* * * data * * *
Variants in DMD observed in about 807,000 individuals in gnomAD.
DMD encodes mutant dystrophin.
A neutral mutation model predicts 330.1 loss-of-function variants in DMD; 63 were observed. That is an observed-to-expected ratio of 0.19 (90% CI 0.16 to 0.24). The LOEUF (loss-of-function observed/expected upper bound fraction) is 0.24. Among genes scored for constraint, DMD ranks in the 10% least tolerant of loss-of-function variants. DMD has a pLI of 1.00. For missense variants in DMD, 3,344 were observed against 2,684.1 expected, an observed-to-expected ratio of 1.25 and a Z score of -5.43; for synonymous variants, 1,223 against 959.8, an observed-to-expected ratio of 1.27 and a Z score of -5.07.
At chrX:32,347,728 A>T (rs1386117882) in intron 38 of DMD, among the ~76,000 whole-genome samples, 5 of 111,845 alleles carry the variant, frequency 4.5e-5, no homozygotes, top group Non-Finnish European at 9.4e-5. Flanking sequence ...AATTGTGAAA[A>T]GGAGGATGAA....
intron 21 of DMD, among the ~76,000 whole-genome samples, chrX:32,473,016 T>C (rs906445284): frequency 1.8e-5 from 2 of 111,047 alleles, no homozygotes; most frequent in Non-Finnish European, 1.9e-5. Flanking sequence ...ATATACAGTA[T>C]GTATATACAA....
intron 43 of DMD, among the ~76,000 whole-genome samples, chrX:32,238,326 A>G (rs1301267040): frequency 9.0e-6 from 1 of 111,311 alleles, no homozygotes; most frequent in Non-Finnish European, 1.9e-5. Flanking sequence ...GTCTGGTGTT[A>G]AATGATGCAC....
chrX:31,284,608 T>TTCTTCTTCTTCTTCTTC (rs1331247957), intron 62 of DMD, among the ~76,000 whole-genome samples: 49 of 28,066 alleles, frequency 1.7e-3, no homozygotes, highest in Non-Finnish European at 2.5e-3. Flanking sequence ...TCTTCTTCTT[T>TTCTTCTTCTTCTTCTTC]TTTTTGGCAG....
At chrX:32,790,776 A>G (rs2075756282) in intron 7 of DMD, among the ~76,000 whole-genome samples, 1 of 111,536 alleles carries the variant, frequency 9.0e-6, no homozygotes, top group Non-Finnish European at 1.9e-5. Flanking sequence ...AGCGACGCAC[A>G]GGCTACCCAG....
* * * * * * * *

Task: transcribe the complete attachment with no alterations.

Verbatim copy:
Variants in DMD observed in about 807,000 individuals in gnomAD.
DMD encodes mutant dystrophin.
A neutral mutation model predicts 330.1 loss-of-function variants in DMD; 63 were observed. That is an observed-to-expected ratio of 0.19 (90% CI 0.16 to 0.24). The LOEUF (loss-of-function observed/expected upper bound fraction) is 0.24. Among genes scored for constraint, DMD ranks in the 10% least tolerant of loss-of-function variants. DMD has a pLI of 1.00. For missense variants in DMD, 3,344 were observed against 2,684.1 expected, an observed-to-expected ratio of 1.25 and a Z score of -5.43; for synonymous variants, 1,223 against 959.8, an observed-to-expected ratio of 1.27 and a Z score of -5.07.
At chrX:32,347,728 A>T (rs1386117882) in intron 38 of DMD, among the ~76,000 whole-genome samples, 5 of 111,845 alleles carry the variant, frequency 4.5e-5, no homozygotes, top group Non-Finnish European at 9.4e-5. Flanking sequence ...AATTGTGAAA[A>T]GGAGGATGAA....
intron 21 of DMD, among the ~76,000 whole-genome samples, chrX:32,473,016 T>C (rs906445284): frequency 1.8e-5 from 2 of 111,047 alleles, no homozygotes; most frequent in Non-Finnish European, 1.9e-5. Flanking sequence ...ATATACAGTA[T>C]GTATATACAA....
intron 43 of DMD, among the ~76,000 whole-genome samples, chrX:32,238,326 A>G (rs1301267040): frequency 9.0e-6 from 1 of 111,311 alleles, no homozygotes; most frequent in Non-Finnish European, 1.9e-5. Flanking sequence ...GTCTGGTGTT[A>G]AATGATGCAC....
chrX:31,284,608 T>TTCTTCTTCTTCTTCTTC (rs1331247957), intron 62 of DMD, among the ~76,000 whole-genome samples: 49 of 28,066 alleles, frequency 1.7e-3, no homozygotes, highest in Non-Finnish European at 2.5e-3. Flanking sequence ...TCTTCTTCTT[T>TTCTTCTTCTTCTTCTTC]TTTTTGGCAG....
At chrX:32,790,776 A>G (rs2075756282) in intron 7 of DMD, among the ~76,000 whole-genome samples, 1 of 111,536 alleles carries the variant, frequency 9.0e-6, no homozygotes, top group Non-Finnish European at 1.9e-5. Flanking sequence ...AGCGACGCAC[A>G]GGCTACCCAG....